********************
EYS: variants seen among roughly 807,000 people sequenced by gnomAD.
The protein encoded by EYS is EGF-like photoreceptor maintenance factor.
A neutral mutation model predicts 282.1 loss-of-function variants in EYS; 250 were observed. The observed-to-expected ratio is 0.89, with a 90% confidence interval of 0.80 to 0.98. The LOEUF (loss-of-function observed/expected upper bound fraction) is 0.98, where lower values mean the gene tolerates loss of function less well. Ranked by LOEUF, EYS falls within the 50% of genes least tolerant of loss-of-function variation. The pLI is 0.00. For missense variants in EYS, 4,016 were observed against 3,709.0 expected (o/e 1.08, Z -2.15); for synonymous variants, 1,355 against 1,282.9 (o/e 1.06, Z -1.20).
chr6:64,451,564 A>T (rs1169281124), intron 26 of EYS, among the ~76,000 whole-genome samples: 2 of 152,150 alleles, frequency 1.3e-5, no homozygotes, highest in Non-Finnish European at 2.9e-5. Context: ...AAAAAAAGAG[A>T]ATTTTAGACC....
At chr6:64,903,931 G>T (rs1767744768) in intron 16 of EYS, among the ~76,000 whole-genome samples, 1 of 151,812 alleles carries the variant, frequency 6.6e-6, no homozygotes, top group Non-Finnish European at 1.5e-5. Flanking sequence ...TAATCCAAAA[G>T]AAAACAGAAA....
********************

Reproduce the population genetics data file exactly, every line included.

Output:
EYS: variants seen among roughly 807,000 people sequenced by gnomAD.
The protein encoded by EYS is EGF-like photoreceptor maintenance factor.
A neutral mutation model predicts 282.1 loss-of-function variants in EYS; 250 were observed. The observed-to-expected ratio is 0.89, with a 90% confidence interval of 0.80 to 0.98. The LOEUF (loss-of-function observed/expected upper bound fraction) is 0.98, where lower values mean the gene tolerates loss of function less well. Ranked by LOEUF, EYS falls within the 50% of genes least tolerant of loss-of-function variation. The pLI is 0.00. For missense variants in EYS, 4,016 were observed against 3,709.0 expected (o/e 1.08, Z -2.15); for synonymous variants, 1,355 against 1,282.9 (o/e 1.06, Z -1.20).
chr6:64,451,564 A>T (rs1169281124), intron 26 of EYS, among the ~76,000 whole-genome samples: 2 of 152,150 alleles, frequency 1.3e-5, no homozygotes, highest in Non-Finnish European at 2.9e-5. Context: ...AAAAAAAGAG[A>T]ATTTTAGACC....
At chr6:64,903,931 G>T (rs1767744768) in intron 16 of EYS, among the ~76,000 whole-genome samples, 1 of 151,812 alleles carries the variant, frequency 6.6e-6, no homozygotes, top group Non-Finnish European at 1.5e-5. Flanking sequence ...TAATCCAAAA[G>T]AAAACAGAAA....